Antigen-responsive CD4+ T cells from C3H mice chronically infected with Leishmania amazonensis are impaired in the transition to an effector phenotype

Amanda E. Ramer, Yannick F. Vanloubbeeck, Douglas E. Jones

Research output: Contribution to journalArticle

19 Scopus citations

Abstract

C3HeB/FeJ mice challenged with Leishmania major develop a polarized th1 response and subsequently heal, whereas Leishmania amazonensis challenge leads to clironic lesions with high parasite loads at 10 weeks postinfection. In this study, a comparison of draining lymph node cells from L. amazonensis- and L. major-infected mice at 10 weeks postinfection showed equivalent percentages of effector/memory phenotype CD44hi CD4+ T cells producing interleukin-2 (IL-2) and proliferating after antigen stimulation. However, these cells isolated from L. amazonensis-infected mice were not skewed toward either a Th1 or Th2 phenotype in vivo, as evidenced by their unbiased Th1/Th2 transcription factor mRNA profile. In vivo antigen stimulation with added IL-12 failed to enhance gamma interferon (IFN-γ) production of CD4+ T cells from L. amazonensis-infected mice. Antigen stimulation of CD4+ T cells from L. amazonensis-infected mice in vitro, in the presence of IL-12 resulted in production of only 10 to 15% of the IFN-γ produced by T cells from L. major-infected mice under identical conditions. These results suggest that the CD4+ T-cell response during chronic L. amazonensis infection is limited during the transition from an early activated CD4+ T-cell population to an effector cell population and demonstrate that these T cells have an intrinsic defect beyond the presence or absence of IL-12 during antigen stimulation.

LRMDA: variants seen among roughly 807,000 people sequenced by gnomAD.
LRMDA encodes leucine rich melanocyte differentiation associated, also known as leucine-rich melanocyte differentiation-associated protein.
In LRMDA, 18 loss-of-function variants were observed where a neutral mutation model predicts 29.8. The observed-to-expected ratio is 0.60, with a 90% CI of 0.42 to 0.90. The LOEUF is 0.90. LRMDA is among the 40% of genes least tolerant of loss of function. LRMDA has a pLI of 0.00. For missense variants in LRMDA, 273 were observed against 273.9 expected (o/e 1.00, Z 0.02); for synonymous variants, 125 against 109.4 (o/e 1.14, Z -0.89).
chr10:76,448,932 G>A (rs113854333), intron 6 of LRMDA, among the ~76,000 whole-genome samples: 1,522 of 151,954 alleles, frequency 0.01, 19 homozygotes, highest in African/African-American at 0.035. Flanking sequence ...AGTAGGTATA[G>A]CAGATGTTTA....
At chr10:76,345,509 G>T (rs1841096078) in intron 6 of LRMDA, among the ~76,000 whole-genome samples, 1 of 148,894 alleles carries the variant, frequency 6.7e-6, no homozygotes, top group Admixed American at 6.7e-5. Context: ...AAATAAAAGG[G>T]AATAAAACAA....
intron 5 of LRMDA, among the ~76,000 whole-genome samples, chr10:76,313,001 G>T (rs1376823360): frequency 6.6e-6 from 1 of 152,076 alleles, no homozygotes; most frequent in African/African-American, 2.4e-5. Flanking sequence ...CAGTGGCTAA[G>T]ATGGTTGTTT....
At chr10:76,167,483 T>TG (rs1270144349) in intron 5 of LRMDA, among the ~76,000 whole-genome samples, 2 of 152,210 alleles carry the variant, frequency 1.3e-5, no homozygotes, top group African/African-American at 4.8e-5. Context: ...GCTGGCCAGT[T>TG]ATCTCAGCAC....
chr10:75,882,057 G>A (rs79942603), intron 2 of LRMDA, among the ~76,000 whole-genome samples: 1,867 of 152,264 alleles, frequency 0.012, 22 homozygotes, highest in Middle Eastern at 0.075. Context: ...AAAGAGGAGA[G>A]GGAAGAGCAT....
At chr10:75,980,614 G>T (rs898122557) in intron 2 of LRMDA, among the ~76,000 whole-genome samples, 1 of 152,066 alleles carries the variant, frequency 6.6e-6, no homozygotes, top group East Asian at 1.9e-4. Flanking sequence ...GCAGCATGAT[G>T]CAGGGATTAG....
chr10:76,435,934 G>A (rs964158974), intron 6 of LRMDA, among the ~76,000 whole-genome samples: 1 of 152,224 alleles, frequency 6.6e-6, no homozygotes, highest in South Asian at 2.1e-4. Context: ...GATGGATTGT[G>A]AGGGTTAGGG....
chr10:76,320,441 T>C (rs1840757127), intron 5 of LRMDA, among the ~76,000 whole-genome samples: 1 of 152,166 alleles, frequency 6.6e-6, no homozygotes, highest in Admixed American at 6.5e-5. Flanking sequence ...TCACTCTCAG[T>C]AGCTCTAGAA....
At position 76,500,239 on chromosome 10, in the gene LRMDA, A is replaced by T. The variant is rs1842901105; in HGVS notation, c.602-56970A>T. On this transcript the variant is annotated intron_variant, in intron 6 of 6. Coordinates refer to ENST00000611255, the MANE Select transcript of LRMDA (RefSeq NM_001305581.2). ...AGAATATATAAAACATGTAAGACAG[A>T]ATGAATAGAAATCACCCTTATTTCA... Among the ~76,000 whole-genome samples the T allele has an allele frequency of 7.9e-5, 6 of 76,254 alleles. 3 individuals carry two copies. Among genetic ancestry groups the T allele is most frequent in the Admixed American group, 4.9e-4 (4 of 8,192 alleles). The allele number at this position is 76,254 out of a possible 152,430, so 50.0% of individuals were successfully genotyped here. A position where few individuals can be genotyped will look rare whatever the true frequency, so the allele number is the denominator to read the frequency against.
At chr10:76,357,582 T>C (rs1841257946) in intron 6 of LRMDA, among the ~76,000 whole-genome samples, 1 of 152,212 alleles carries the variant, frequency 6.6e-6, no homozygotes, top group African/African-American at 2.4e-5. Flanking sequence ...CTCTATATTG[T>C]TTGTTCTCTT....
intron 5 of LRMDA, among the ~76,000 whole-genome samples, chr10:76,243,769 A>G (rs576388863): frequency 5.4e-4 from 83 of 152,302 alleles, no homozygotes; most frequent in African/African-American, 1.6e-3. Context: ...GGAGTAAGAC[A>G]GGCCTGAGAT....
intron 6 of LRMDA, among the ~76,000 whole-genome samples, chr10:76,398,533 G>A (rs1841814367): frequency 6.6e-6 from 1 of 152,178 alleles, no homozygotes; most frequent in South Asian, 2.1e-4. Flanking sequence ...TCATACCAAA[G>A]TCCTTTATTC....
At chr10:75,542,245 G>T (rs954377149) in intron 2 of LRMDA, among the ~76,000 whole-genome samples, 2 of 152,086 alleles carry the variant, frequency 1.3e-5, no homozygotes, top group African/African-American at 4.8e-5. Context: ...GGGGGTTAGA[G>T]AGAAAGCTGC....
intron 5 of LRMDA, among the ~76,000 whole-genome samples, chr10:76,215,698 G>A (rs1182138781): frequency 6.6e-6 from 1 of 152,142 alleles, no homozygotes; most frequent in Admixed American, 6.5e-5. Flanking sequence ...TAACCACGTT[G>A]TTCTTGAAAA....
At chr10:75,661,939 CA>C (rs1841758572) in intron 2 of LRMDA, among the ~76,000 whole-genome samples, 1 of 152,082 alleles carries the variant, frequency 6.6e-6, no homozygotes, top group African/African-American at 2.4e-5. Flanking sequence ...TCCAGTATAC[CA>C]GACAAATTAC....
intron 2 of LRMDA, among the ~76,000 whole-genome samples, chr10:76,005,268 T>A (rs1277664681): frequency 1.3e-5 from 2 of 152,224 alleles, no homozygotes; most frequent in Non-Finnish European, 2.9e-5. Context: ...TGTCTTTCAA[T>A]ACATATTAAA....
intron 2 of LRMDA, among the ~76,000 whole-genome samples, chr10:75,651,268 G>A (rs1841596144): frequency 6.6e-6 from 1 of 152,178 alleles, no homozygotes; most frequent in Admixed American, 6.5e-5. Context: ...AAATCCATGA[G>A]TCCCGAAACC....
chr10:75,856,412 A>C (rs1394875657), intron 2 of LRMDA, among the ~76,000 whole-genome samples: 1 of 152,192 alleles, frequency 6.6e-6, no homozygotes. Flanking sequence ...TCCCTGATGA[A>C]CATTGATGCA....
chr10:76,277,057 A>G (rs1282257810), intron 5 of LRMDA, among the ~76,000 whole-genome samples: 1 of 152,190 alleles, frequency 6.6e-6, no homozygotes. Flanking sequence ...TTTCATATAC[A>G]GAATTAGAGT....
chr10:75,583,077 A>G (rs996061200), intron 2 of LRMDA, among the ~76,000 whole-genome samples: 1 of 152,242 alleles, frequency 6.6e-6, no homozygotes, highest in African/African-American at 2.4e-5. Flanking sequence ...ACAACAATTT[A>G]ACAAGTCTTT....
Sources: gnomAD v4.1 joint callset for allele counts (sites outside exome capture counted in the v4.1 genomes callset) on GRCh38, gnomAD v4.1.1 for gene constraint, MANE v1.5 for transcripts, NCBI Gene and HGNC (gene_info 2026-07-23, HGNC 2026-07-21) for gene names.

Original languageEnglish (US)
Pages (from-to)1547-1554
Number of pages8
JournalInfection and immunity
Volume74
Issue number3
DOIs
StatePublished - Mar 2006

ASJC Scopus subject areas

  • Parasitology
  • Microbiology
  • Immunology
  • Infectious Diseases

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